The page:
The unfinished cake looked disturbingly like a penguin at this point, and had I had any black colouring I would have been tempted to turn it into one.  Fortunately I didn't as I'd bought rather a lot of M&Ms to decorate the cake with!  Icing with Vienna Cream was relatively straightforward once I'd woken up enough to remember that doubling 125g of butter does not mean adding 500g butter to the mixing bowl - fortunately my Mum can do maths, even late at night, and was helping me put the cake together - and also when we realised that having a butter-based icing mix means that letting the cakes cool down before starting to cover them with Vienna Cream is essential as otherwise the icing melts.  (Aren't mums awesome? They really know their stuff.)




Fortunately we had already cleared enough space in the fridge to be able to put them in there while we had a cup of tea.  Once cooled the Vienna Cream went on very nicely, the quantity of M&Ms was fortunately sufficient to cover the cake and the finished cake was well received by the ravening hordes of medical staff - and the icing (with some cake crumbs) by the birthday boy. (Hooray for his first cake! What a milestone!)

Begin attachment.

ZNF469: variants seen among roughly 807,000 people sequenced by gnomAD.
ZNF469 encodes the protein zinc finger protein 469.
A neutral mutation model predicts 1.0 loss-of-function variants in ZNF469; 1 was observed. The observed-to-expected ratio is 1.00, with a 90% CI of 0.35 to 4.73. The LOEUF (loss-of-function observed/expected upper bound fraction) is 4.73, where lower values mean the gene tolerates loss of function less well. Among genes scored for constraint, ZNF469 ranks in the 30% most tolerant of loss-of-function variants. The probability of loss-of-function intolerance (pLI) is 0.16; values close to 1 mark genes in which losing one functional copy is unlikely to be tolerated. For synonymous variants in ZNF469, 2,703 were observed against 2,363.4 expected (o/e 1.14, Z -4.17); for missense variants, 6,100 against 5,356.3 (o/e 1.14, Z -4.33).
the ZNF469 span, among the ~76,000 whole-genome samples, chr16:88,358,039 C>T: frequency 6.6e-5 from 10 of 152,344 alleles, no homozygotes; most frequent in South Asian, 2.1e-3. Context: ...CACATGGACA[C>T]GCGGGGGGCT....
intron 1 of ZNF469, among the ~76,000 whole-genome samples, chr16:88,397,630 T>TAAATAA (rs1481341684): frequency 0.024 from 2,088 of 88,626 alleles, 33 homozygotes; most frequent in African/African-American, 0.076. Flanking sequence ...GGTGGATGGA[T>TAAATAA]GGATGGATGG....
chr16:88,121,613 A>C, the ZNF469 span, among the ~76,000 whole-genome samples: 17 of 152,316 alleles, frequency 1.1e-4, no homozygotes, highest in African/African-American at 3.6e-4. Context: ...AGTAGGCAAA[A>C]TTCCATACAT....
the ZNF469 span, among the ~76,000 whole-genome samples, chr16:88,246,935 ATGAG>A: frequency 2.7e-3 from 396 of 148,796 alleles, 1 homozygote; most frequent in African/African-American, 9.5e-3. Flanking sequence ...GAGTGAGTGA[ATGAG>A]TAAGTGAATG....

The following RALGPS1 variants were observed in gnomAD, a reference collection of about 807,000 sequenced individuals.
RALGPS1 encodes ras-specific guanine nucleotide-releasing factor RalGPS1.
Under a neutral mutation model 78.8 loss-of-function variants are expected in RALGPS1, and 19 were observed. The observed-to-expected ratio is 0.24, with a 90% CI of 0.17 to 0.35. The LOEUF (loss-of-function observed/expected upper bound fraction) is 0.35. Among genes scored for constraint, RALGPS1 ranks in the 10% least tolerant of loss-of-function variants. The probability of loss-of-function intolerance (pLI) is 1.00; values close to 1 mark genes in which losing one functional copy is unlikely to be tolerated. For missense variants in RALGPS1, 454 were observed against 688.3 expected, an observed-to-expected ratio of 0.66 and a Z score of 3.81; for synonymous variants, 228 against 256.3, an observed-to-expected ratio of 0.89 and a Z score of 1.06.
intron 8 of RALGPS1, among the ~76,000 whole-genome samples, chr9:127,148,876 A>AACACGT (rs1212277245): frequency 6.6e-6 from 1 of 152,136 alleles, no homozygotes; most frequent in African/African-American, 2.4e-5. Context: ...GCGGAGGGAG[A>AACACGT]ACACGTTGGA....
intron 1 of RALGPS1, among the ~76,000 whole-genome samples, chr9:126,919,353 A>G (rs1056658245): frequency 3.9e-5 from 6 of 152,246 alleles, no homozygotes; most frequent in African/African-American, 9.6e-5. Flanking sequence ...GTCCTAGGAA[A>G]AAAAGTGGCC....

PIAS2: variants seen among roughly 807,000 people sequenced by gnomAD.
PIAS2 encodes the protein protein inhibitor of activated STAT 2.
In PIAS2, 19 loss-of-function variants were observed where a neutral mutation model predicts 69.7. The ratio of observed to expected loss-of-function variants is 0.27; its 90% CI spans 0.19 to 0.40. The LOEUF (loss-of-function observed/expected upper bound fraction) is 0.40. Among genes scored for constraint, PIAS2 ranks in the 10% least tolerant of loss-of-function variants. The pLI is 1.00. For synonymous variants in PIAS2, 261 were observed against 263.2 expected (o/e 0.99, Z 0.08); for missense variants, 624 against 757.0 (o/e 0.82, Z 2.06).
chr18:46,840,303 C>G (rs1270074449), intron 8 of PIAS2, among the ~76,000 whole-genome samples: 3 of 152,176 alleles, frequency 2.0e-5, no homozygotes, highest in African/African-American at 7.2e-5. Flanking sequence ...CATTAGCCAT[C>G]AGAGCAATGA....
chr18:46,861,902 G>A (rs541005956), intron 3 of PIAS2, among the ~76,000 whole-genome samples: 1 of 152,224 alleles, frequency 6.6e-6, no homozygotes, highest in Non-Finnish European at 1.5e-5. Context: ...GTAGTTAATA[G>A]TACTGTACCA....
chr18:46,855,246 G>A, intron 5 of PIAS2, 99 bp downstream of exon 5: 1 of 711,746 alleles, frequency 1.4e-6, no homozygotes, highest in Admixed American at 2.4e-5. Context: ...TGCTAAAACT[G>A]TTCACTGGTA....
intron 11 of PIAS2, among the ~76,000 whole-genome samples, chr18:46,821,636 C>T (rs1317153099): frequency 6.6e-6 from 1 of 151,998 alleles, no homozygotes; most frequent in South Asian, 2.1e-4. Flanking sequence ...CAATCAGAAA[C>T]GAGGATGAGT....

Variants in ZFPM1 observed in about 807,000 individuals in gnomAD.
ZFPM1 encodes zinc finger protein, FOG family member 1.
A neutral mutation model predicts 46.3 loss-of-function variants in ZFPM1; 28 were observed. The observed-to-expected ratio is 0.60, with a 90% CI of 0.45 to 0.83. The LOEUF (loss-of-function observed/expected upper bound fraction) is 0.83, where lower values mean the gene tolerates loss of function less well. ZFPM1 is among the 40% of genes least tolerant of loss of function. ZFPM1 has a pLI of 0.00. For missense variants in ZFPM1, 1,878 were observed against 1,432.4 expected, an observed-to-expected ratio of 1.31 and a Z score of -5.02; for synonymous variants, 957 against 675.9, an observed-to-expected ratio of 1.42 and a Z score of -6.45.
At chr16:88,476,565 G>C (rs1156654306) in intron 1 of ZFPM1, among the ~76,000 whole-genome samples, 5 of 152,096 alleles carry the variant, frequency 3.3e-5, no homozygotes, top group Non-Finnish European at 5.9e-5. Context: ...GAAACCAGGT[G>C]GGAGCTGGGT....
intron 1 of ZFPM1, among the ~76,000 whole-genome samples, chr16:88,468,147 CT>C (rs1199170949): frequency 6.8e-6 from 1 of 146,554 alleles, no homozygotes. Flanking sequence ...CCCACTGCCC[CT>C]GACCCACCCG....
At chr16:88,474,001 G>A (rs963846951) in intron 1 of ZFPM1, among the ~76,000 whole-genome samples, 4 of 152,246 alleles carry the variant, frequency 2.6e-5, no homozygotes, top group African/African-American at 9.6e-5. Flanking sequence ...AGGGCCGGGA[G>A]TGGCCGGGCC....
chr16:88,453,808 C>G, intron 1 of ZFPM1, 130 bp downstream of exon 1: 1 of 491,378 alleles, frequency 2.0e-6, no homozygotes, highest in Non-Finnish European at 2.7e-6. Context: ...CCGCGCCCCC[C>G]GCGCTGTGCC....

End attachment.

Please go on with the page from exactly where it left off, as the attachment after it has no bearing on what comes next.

The family cake I let my husband choose the design for - which is how we ended up with what was going to be just a guitar cake in honour of Michael's love of music therapy turning into a "Michael Schenker Flying V guitar" design.  
The only setback to this turned out to be again not having black icing, so we made do with icing as blue as we could get it.  Then we realised we didn't have anything to do the strings with - another reason why planning these things is probably a good idea, rather than making the cake the night before and decorating it on the morning of the actual event.  (If The Book teaches its readers one thing, that thing is DO NOT WAIT UNTIL THE DAY BEFORE. I learnt that lesson just last night, and it wasn't pretty. Right now I am pretty much running on sugar and caffeine and eventually I am going to hit the ground with a bang and start weeping. That'll be fun for my workmates.)


So it's more a representation of a flying V, rather than a close copy.  As it turned out many of the guests apparently thought it was a rocketship - an impression probably helped by the electric candle placement.  (No flames permitted in close proximity to oxygen tanks!)  (Quite. I mean, birthdays are great when they go off with a bang, but not THAT kind of bang.)